As he gazed upon the wonderful world, his thoughts inexplicably returned to Donna. What was she doing now? Was she looking for him? Would he ever see her again?
Donna Reed - now Captain - stepped into the conference room. Already seated at the table waiting for her to arrive were the Condor’s most important personnel. On one side of the table sat Lieutenant Commander Michael Parks. Beside him, sat Ensign Nicholas Smith. Across from the Ensign sat his sister, Lieutenant Commander Carol Smith and Chief Medical Officer Edward Tedmoore.
Reed didn’t bother to sit. Instead she stood behind her chair, leaning against it with stiff arms. "First of all, let me fill you all in on some news. I’ve just finished speaking with Starfleet, explaining the events of the last few hours. Unfortunately, Admiral Paris denied my request to recover the Captain." The statement forced the sounds of disappointment from those in the room. Without a pause, Reed continued. "Since the loss of the captain creates a void at the highest command level on the Condor, I’ve been appointed Captain of the ship. Any questions?"
Her query hung in the air for a full thirty seconds, before someone finally spoke. "Congratulations, miss Reed. You will make an excellent captain," Doctor Tedmoore said.
Reed ignored the doctor’s comment. She merely took a moment to look each person in the eye. When her stare met Carol’s, it triggered the chief engineer to speak. "Uh…Captain, what do we do now?"
Reed dropped her head down and quietly cleared her throat before continuing. "I’m going to tell you. Regardless of Starfleet’s orders, I fully intend to get Captain Reming back."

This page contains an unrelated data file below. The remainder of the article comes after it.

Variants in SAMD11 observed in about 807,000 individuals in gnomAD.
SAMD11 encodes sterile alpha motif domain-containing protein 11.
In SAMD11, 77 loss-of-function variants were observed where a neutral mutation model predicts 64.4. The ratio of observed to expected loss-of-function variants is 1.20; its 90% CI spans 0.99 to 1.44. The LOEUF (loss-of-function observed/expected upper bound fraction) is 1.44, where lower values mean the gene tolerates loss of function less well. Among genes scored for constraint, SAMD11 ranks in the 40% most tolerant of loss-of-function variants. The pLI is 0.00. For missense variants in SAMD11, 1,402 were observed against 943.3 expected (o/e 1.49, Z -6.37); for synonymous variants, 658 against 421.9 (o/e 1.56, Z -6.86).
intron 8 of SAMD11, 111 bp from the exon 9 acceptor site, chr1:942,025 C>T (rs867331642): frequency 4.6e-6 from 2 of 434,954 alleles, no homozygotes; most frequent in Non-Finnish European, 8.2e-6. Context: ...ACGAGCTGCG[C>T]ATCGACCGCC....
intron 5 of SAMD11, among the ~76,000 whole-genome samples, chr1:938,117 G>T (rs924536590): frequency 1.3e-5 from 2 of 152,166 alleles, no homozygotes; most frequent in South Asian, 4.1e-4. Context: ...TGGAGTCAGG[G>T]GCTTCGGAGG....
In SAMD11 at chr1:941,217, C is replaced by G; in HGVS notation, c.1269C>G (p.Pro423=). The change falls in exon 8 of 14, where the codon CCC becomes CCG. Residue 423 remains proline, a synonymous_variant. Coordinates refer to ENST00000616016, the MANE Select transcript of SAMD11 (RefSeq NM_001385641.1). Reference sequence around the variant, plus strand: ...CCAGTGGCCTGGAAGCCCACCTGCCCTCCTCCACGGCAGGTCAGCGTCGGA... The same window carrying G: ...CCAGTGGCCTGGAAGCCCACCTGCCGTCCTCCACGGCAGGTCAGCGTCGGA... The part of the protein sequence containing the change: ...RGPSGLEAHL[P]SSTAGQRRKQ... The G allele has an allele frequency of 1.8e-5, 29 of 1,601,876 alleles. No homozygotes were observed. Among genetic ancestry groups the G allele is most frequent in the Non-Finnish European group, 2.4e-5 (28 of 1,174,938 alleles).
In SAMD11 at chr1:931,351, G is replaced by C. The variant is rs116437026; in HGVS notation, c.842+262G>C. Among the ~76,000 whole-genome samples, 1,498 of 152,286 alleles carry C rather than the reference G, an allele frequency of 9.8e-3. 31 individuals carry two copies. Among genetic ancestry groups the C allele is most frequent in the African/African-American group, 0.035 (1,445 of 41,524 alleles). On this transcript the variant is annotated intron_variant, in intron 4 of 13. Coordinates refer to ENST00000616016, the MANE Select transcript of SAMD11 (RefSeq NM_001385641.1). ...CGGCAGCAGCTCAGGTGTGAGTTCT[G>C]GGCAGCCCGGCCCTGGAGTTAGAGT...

"You would defy a direct order from Starfleet? You will be court marshaled!" said the Doctor, clearly agitated.
"Only if they find out, Doctor. Look, we all know about your clandestine communications with Starfleet in order to keep them informed of the progress of your communing experiments. I’m also sure you abuse this privilege by passing on all matter of information about the personnel on this ship to them as well. That’s why I changed your computer access level. You will not be able to contact Starfleet and tell them what I’m planning." She expected Tedmoore to erupt in anger, which would fit his personality perfectly. To Reed’s surprise, he didn’t. He simply folded his arms and stared down at the table.
"How do you propose saving the Captain, sir? We have no idea where he is?" asked Parks.
"We now know that Philip left several items back on the planet Gamma-Alpha three several years ago. That accidental act stated a certain chain of events in motion to where we are now."
"And how does knowing that help us?" asked Carol.
"We know what went wrong and approximately when. All we need to do is go back and correct it. I’m talking about time travel."
"Wait, wait, wait, run that by me again."
"Well, how do you want me to spell it out?"
"Explain simply enough so Nick can understand it."
Nick glared at his sister. "Hey, I understand…some of it."